Sunday, March 11, 2007

It's salamander time again!

Last Spring I reported a salamander rescue in Lawrence Kansas. Well, as you can see in the photo, natural selection has led to a new improved salamander-bright yellow for easy visibility, larger size for quicker crossing and heavily armored exterior.

Actually the photo is from the Biologically Inspired Robots Group at EPFL in Switzerland.

Photograph by A.Herzog, courtesy Biologically Inspired Robotics Group, EPFL

This group of roboticists is interested in modeling animal locomotion both to gain insight into how to design systems to coordinate robotic movement and to understand the evolution of animal locomotion. The scientists began with a model of lamprey locomotion, lampreys being relatively simple aquatic vertebrates, and built a lamprey robot to test their understanding of this organism's coordination.

They then were able to show how the same basic control systems are able to coordinate movement of a terrestrial animal, that is a salamander, with very minor changes in the characteristics of the control system.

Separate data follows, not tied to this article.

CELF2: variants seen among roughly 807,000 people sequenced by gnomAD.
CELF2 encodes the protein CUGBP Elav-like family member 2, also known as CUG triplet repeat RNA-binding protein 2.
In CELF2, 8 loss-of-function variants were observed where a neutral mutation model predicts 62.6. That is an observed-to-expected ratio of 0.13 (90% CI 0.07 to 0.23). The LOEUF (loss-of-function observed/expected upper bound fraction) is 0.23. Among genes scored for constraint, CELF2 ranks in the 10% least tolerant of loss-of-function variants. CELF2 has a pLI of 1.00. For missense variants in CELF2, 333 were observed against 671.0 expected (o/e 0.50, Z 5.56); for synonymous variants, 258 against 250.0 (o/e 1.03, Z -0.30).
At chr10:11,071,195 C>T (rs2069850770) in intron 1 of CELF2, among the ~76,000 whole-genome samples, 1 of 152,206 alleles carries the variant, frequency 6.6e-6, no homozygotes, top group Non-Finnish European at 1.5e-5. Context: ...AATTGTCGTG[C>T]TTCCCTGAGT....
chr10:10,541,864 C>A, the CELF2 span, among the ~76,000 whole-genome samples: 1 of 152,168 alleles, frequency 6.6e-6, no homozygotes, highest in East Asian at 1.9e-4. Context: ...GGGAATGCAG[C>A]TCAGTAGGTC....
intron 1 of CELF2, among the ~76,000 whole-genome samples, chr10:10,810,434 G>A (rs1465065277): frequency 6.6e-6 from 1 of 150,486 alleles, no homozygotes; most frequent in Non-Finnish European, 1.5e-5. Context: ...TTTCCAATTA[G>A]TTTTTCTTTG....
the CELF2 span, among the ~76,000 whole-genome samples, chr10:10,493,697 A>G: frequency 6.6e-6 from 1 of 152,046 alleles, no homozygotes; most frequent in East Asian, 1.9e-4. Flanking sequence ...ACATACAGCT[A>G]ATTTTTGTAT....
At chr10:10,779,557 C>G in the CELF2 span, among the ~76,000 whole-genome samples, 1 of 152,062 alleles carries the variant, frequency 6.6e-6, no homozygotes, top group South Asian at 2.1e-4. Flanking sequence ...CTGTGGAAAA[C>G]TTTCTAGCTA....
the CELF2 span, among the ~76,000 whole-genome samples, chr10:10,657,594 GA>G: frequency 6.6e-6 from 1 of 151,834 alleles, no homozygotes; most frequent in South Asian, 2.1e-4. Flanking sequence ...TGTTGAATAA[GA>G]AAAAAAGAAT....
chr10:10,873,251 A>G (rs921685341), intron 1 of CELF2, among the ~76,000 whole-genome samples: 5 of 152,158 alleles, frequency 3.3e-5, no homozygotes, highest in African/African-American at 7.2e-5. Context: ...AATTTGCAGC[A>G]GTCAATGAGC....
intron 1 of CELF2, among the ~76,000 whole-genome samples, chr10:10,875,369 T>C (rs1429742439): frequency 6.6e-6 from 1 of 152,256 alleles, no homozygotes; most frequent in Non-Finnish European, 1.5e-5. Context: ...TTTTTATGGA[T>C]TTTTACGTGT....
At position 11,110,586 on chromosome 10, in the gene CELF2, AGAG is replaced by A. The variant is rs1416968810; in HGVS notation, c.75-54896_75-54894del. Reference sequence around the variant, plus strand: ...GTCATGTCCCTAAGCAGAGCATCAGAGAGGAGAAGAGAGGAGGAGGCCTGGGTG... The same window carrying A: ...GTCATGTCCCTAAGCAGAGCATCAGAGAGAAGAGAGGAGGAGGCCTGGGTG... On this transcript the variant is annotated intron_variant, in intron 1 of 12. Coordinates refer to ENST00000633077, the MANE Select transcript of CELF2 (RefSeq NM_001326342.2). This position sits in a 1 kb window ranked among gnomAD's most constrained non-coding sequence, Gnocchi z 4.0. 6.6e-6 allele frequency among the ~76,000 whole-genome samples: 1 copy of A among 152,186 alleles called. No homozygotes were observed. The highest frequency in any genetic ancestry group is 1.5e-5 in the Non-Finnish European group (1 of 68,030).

Lamprey photo courtesy of the Fish and Wild Life Service.

Non scientists often accuse scientists of being reductionistic. But such criticism misses a key aspect of science, and that is once scientists think they understand how something works in terms of its parts, scientists routinely attempt to test their understanding by putting the parts together to see how the resulting construct compares with the original whole.

This applies to understanding salamander locomotion in order to answer basic questions about evolution and robotics as well as deep problems such do we understand enough about how cells work to make an artificial cell that mimics the features of natural cells. This problem is still out of reach but as this article shows we are making progress. It is this synthetic (dare I use holistic) aspect of science that gives science its explanatory power whether we are talking cells, salamanders or evolution.

Lamprey Locomotion
Salamandra Robotica


A.J. Ijspeert, A. Crespi, D. Ryczko, and J.M. Cabelguen. From swimming to walking with a salamander robot driven by a spinal cord model. Science, 9 March 2007, Vol. 315. no. 5817, pp. 1416 - 1420, 2007.

A.J. Ijspeert, A. Crespi, and J.M. Cabelguen. Simulation and robotics studies of salamander locomotion. Applying neurobiological principles to the control of locomotion in robots. Neuroinformatics, 3(3):171-196, 2005.
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A.J. Ijspeert. A connectionist central pattern generator for the aquatic and terrestrial gaits of a simulated salamander. Biological Cybernetics, 84(5):331-348, 2001.
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